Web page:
Why Working Remotely Makes You Happier


As a writer and editor, I’m fortunate to have a vocation that I can pursue from anywhere.

As an in-house writer and editor, I’m fortunate to have a job where I get to work remotely on Fridays every summer.

I think what I love most about working from home is saving time.

Last night I had a more unhurried evening than other weeknights. This morning I felt more refreshed than other week mornings. Today I saved 40 minutes total on a relatively short but nevertheless ordinarily existent commute.

I feel more tranquil.

But working remotely is not all about ease. You still have to work. And often you work more.

Like today, I put in an extra half an hour because I forgot to take a lunch.

But here’s the best part about today:

During a 10-minute break toward the end of the day, I got a jump on dinner by tossing wild Alaskan cod in a cast iron skillet with olive oil, lemon juice, and garlic.

When the workday was over, I took 10 minutes to make mayonnaise with dill and walnut oil. I chopped some radicchio, grated some carrots, grated some beets, and by 5:12 I was savoring a succulent dinner that I would never have the energy to make on an officenight.

Now it’s 5:56 and instead of driving home and falling down dead of exhaustion after a long week, I’m experimenting with tequila and blueberries, actually doing personal writing, and full of energy for the weekend.

Don’t get me wrong: I’m lucky enough to love my office too. I have fantastic coworkers who I enjoy “facetime” (good thing, but loathsome word) with. We have a walking trail for lunch walks. And while we have email, phone calls we can take from anywhere, and tools like Yammer, Jabber, Office 365, Trello, Wrike, and web cams, sometimes it’s helpful to have in-person meetings.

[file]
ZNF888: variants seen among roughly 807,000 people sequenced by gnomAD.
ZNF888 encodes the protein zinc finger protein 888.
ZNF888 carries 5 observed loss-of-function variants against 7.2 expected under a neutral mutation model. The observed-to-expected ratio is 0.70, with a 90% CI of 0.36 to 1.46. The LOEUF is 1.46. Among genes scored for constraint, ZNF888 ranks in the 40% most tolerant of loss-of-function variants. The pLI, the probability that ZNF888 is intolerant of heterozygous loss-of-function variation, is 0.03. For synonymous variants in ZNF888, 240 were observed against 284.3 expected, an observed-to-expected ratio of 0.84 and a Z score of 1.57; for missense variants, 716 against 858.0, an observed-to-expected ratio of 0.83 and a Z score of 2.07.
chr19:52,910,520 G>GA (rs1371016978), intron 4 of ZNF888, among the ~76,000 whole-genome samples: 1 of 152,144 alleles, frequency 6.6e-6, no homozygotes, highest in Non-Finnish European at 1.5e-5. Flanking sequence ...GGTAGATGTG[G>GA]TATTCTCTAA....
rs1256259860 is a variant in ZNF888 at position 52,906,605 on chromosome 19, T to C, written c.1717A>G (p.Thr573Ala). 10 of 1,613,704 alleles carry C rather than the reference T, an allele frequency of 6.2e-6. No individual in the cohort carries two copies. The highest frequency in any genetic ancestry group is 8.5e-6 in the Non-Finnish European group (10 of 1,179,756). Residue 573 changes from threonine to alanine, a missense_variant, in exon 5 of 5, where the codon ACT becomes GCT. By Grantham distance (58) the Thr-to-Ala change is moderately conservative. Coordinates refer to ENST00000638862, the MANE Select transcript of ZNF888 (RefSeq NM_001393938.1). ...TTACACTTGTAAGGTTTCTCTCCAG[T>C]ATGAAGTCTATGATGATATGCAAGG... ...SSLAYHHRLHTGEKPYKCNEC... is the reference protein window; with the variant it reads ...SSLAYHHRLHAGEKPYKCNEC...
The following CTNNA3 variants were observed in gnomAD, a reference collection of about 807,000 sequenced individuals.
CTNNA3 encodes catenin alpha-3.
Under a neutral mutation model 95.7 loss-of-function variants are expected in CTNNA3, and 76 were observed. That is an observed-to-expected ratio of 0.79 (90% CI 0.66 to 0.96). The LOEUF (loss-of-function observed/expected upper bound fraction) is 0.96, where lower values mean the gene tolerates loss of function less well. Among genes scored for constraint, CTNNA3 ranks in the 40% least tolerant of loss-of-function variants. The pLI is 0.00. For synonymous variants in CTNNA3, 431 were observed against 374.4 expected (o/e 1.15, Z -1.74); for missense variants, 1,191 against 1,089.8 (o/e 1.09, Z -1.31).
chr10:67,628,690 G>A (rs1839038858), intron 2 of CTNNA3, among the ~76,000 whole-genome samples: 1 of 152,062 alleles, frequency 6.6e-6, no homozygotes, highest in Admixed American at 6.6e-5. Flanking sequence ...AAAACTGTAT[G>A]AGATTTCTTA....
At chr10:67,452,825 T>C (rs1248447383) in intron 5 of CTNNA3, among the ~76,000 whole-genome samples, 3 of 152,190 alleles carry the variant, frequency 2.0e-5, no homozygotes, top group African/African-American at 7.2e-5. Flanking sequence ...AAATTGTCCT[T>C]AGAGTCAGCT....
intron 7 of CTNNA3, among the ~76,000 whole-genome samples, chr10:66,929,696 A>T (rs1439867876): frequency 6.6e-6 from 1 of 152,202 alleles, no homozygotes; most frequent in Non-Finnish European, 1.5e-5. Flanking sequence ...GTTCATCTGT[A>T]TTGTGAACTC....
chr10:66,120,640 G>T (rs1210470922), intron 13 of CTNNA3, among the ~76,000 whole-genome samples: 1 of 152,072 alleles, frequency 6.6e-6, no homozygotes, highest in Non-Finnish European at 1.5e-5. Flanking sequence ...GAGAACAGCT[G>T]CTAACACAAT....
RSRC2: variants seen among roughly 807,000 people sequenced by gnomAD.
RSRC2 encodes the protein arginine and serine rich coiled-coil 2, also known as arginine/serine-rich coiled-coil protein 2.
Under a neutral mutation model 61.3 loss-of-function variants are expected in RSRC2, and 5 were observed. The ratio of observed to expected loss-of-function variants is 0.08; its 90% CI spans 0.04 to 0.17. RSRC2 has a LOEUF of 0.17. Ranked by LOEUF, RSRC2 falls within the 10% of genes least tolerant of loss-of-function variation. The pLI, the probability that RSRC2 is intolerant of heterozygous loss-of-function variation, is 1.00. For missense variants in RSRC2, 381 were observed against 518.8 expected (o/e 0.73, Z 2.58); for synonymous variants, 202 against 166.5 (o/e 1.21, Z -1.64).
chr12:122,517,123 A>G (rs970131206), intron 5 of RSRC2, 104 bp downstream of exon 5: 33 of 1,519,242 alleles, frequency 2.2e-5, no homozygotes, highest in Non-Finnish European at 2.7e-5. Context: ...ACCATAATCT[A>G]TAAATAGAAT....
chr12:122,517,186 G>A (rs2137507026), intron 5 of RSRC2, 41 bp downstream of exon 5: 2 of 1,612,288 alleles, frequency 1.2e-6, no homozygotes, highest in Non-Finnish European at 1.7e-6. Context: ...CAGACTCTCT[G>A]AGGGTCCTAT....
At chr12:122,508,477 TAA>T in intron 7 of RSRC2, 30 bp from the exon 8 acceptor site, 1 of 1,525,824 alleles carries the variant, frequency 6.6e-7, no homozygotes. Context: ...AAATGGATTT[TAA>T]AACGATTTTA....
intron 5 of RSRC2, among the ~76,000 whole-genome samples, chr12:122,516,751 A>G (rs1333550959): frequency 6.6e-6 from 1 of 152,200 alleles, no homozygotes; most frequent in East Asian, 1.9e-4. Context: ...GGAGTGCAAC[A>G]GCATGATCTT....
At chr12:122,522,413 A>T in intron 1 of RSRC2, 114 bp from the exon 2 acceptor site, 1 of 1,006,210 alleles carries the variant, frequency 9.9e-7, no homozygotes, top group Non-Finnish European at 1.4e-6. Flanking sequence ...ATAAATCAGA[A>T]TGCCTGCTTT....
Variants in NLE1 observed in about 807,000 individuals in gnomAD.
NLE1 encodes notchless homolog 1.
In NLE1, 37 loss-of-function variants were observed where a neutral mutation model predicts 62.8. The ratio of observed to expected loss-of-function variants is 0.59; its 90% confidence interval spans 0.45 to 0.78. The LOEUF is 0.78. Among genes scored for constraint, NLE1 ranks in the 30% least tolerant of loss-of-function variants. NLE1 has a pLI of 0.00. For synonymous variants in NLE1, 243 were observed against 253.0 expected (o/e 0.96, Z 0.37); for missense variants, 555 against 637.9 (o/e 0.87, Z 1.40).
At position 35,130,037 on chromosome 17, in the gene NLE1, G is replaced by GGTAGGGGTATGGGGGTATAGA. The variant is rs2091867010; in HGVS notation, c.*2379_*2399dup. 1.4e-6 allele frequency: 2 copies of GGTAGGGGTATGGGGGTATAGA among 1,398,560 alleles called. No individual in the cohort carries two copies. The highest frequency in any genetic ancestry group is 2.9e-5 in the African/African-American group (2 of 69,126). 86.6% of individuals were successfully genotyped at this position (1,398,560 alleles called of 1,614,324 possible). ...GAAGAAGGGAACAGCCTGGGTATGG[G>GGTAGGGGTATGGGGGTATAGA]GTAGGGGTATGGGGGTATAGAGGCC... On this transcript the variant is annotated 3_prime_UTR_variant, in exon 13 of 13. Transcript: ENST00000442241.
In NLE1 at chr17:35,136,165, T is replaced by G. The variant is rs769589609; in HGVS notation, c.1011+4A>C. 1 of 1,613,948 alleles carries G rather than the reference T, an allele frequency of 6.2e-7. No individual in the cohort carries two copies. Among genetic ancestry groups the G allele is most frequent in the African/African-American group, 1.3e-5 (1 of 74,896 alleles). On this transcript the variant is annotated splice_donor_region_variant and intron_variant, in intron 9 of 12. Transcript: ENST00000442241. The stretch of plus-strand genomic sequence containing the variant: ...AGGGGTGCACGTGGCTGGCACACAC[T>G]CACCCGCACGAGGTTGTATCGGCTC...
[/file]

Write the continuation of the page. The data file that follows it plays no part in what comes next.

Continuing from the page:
But man, the joy and utility of using your web tools in your jammie clothes.

I love and don’t love living in the 21st century. In some ways I think it’s the best time to be alive: The time and place I live in offers some of the most freedom, choice, and opportunity in history, as far as I know.

On the other hand, I think a lot of things are more fucked than ever.

On a third hand, I imagine that life has always been good and bad for most people in all places in all times.

But I think one thing is certain: If you have the kind of job that can be done from anywhere, especially if it’s web-based, now is an incredible time to achieve the nearly mythical and long-sought work-life balance.




About Erin Harris

I'm a copywriter by day and a fiction writer by night. I also write about food, travel, music, film, and much more.
This entry was posted in Content writing, Editing, Writing and tagged . Bookmark the permalink.

One Response to Why Working Remotely Makes You Happier

  1. Pingback: Today I Did Something Crazy Because I’m Sane | Erin Harris

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